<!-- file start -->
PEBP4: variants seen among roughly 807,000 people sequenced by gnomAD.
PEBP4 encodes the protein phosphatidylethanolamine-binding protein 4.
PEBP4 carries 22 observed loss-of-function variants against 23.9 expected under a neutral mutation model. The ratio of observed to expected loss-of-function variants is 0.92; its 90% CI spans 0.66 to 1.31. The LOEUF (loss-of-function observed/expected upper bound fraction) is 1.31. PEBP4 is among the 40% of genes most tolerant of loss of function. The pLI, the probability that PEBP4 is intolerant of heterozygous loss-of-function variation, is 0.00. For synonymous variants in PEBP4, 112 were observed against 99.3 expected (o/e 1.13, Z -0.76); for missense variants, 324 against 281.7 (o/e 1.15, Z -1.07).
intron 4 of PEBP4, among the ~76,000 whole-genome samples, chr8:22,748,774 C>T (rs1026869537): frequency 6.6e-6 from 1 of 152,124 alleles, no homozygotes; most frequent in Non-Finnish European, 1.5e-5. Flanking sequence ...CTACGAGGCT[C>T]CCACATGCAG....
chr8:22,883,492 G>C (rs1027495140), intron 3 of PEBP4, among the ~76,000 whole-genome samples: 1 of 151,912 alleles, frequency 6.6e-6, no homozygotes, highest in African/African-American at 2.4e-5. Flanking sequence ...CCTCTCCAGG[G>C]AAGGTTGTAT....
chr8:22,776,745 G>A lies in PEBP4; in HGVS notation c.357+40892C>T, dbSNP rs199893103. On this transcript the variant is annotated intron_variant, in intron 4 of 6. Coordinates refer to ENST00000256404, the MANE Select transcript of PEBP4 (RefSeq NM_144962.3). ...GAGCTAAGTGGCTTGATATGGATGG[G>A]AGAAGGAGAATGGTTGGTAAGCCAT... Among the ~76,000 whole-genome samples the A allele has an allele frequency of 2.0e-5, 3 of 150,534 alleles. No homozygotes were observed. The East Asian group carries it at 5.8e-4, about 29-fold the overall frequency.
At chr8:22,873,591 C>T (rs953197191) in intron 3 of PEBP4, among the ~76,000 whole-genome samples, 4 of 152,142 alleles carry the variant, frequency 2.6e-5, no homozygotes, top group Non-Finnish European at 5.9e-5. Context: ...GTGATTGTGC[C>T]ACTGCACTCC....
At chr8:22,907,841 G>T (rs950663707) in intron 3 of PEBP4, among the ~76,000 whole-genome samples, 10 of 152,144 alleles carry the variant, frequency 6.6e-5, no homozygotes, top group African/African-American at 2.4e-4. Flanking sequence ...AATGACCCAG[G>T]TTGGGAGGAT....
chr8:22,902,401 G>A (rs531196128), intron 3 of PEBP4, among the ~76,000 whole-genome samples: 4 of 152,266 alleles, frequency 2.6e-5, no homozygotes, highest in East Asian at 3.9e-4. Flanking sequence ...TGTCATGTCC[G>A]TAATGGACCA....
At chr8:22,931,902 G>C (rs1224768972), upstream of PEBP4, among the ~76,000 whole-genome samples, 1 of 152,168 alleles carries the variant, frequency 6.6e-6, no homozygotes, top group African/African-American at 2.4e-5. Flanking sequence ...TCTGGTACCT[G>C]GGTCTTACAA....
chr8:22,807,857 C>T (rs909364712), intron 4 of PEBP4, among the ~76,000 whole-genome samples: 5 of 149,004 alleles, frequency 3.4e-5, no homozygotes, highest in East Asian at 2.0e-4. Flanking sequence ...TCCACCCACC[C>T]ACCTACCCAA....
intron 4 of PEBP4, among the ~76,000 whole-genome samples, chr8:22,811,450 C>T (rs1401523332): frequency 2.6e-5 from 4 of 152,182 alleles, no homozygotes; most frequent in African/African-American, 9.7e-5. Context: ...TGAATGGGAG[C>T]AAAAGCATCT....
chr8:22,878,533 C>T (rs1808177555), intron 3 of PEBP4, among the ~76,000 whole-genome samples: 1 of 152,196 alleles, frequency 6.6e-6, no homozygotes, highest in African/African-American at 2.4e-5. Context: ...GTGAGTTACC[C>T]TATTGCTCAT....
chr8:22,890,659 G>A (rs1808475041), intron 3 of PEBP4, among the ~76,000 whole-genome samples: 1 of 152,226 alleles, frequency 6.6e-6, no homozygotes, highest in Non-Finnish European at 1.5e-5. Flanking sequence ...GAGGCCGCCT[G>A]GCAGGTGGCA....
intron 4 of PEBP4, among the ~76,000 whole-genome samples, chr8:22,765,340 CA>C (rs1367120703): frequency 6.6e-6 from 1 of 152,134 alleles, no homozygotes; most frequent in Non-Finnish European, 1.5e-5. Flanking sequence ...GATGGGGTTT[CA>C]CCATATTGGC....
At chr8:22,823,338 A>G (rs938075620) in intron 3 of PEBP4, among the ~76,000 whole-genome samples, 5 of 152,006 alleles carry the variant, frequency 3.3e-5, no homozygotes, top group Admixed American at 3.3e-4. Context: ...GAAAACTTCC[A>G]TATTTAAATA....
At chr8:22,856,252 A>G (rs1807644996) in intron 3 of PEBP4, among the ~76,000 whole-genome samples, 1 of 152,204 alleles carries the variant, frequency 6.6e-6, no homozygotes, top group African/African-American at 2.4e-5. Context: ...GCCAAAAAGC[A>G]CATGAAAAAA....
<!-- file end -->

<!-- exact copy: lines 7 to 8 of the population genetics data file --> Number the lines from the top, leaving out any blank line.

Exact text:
At chr8:22,873,591 C>T (rs953197191) in intron 3 of PEBP4, among the ~76,000 whole-genome samples, 4 of 152,142 alleles carry the variant, frequency 2.6e-5, no homozygotes, top group Non-Finnish European at 5.9e-5. Context: ...GTGATTGTGC[C>T]ACTGCACTCC....
At chr8:22,907,841 G>T (rs950663707) in intron 3 of PEBP4, among the ~76,000 whole-genome samples, 10 of 152,144 alleles carry the variant, frequency 6.6e-5, no homozygotes, top group African/African-American at 2.4e-4. Flanking sequence ...AATGACCCAG[G>T]TTGGGAGGAT....